As a result of this study, which was conducted ex vivo and was the first MRI study measuring the amount of iron in the placenta, T2* values, which are the quantitative indicator of iron loading, were found to be higher in the pre-eclamptic group placentas than in the control group. Pre-eclampsia is a hypertensive dysfunction related to pregnancy-induced proteinuria, and it appears after the 20th gestational week. This dysfunction affects 7-10% of all pregnancies and is highly related to perinatal mortality and morbidity (9,10).

Although the pathophysiology of pre-eclampsia has not been clarified, genetic factors, abnormal placentation, endothelial dysfunction, and immunological interactions are described as possible pathophysiological mechanisms (11). It is known that vasoconstriction that occurs due to the increasing response to vasoactive substances, such as angiotensin II and endothelin, takes place in the pathophysiology of pre-eclampsia (12). Pre-eclampsia is characterised by vascular dysfunction, reduced systemic vasodilators, and increased uteroplacental resistance as a result of impaired extravillous trophoblast migration toward the uterine spiral arteries. In terms of its pathogenesis, tissue damage caused by an increase in the levels of reactive oxygen species and the altered bioavailability of nitric oxide (NO) plays an important role. Peroxynitrite, which is formed after superoxide quickly inactivates NO, accumulates in placental tissue and disrupts placental function. Moreover, reactive oxygen species may stimulate platelet adhesion and aggregation, causing intravascular coagulopathy. Ultimately, placental infarct increases and oxygen and nutrients decrease due to the impairment of the uteroplacental bloodstream, causing foetal growth retardation. On the other hand, antioxidants, such as catalase, superoxide dismutase, and glutathione peroxidase, clean reactive oxygen species and thus protect tissue against oxidative stress. Placental ischaemia causes oxidative stress to increase by reducing antioxidant activity, disrupting the balance between reactive oxygen types and antioxidant activity (13).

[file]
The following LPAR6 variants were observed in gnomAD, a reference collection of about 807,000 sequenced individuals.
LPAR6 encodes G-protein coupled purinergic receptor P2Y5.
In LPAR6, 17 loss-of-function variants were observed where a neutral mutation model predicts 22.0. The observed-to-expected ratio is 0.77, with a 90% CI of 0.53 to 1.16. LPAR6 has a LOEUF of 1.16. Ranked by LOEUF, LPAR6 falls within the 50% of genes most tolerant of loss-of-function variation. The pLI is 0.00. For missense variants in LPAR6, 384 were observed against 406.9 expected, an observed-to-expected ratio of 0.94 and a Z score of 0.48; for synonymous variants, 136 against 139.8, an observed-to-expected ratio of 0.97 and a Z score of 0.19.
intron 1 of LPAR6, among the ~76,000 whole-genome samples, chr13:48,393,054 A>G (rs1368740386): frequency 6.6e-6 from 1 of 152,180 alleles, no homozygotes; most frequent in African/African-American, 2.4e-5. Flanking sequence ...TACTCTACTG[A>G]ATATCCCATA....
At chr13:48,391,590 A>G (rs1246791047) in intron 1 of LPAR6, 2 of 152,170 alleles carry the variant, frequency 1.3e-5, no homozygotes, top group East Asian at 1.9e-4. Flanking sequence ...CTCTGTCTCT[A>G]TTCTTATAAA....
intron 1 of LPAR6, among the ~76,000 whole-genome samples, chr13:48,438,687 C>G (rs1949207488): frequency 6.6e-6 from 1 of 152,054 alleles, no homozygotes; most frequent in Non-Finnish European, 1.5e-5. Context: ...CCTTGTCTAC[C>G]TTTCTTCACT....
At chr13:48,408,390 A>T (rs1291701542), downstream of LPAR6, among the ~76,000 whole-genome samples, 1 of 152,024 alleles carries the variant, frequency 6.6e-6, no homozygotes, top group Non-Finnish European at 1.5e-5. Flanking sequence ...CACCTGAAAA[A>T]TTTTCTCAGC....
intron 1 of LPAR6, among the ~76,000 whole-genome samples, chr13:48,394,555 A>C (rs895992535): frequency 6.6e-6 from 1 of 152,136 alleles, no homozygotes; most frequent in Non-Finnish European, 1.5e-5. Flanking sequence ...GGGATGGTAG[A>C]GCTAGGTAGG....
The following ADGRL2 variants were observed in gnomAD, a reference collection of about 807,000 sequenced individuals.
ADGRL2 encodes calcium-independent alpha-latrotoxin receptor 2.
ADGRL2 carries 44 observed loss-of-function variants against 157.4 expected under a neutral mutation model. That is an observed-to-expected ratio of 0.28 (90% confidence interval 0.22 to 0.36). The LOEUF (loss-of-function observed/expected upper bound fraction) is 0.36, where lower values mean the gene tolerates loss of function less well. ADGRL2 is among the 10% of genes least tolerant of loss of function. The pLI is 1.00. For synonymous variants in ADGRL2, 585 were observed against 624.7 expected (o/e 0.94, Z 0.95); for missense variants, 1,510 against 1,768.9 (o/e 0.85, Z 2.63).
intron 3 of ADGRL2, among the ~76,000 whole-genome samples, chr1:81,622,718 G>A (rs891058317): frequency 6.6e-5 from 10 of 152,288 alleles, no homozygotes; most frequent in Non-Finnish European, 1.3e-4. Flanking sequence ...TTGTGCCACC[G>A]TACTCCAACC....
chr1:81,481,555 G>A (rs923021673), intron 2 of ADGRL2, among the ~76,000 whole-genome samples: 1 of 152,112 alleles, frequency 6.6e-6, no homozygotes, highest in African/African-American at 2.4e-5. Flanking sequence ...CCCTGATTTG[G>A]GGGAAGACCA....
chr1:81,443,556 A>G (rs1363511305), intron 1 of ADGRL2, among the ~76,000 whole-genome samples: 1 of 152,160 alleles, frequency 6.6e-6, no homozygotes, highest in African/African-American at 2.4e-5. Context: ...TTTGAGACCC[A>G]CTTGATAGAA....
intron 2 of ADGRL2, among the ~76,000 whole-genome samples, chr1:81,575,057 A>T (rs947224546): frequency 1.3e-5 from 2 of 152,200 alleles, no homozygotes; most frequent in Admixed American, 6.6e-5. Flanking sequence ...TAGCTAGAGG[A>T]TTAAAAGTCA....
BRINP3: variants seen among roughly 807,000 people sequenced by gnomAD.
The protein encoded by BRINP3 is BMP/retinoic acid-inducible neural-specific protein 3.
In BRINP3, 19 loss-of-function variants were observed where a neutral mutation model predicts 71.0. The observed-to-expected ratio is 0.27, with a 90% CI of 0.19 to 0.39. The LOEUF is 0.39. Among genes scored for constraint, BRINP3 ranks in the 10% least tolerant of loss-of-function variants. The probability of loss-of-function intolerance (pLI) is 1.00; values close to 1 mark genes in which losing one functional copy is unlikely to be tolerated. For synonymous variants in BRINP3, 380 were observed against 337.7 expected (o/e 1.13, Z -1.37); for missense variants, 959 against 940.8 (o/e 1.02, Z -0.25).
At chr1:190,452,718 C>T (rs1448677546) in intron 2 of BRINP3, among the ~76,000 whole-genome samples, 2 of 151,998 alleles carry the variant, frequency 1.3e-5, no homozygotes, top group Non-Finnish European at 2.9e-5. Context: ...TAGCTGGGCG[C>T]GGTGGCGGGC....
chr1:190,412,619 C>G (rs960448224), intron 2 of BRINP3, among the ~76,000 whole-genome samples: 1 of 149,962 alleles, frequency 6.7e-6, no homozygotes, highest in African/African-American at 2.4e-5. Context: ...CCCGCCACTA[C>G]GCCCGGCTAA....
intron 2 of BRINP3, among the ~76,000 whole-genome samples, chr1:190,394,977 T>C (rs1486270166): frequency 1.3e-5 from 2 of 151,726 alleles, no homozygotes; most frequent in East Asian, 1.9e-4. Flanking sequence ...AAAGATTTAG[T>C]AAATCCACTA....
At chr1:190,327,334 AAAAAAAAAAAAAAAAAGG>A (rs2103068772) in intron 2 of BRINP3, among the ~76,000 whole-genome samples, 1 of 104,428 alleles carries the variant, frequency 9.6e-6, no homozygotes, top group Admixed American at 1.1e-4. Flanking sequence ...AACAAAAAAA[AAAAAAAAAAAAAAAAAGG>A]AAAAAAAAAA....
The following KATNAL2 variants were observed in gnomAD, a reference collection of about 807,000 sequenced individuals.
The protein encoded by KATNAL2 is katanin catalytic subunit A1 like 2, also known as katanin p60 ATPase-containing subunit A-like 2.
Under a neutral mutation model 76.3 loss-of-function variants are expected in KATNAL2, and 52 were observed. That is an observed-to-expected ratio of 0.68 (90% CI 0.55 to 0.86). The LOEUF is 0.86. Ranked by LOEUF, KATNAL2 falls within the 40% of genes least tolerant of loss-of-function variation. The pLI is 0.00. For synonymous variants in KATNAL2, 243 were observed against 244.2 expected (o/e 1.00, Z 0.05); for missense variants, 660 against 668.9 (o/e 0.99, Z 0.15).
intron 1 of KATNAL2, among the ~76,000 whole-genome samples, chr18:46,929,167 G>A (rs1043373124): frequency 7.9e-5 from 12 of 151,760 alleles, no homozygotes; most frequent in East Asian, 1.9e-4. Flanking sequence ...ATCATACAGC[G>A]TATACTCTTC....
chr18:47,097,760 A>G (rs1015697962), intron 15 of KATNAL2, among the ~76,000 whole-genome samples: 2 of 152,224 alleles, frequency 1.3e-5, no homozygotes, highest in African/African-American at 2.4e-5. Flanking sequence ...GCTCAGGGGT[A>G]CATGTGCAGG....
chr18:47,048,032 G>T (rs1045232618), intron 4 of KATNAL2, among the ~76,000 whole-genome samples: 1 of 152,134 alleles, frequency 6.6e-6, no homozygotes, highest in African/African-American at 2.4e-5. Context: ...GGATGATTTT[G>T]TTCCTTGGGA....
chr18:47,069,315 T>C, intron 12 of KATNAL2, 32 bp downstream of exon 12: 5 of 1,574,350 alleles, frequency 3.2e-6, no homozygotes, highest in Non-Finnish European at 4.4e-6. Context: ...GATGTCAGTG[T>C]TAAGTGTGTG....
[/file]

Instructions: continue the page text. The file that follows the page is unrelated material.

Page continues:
Iron, which is present in various body molecules, especially cytochrome, Hb, and myoglobin, is stored as ferritin after it is absorbed by the mucosa of the small intestine (3). Iron loading may develop due to the malabsorption of iron, such as via hereditary hemochromatosis, a dysfunction in heme metabolism, or long-term transfusion therapy (14). While surplus iron accumulates primarily in the liver, pancreas, heart, thyroid, pituitary, and synovium, in its secondary form, it is stored in the reticuloendothelial system (kupffer cells, spleen, bone marrow, and lymph nodes). When this system is saturated, iron is stored in hepatocytes and in other parenchymal cells (15). Surplus iron may catalyse the transformation of hydrogen peroxide into free radicals, and it may cause damage to cell membranes, protein, and DNA. Iron is toxic to tissues, and it may cause hepatic, cardiac, or endocrine function disorders. In order to monitor the response to treatment, quantifying iron content is important (3). Traditionally, this measurement was taken indirectly via serum ferritin level or directly via biopsy. A weak correlation has been established between iron stored in the organs and ferritin measurements via invasive biopsy (16).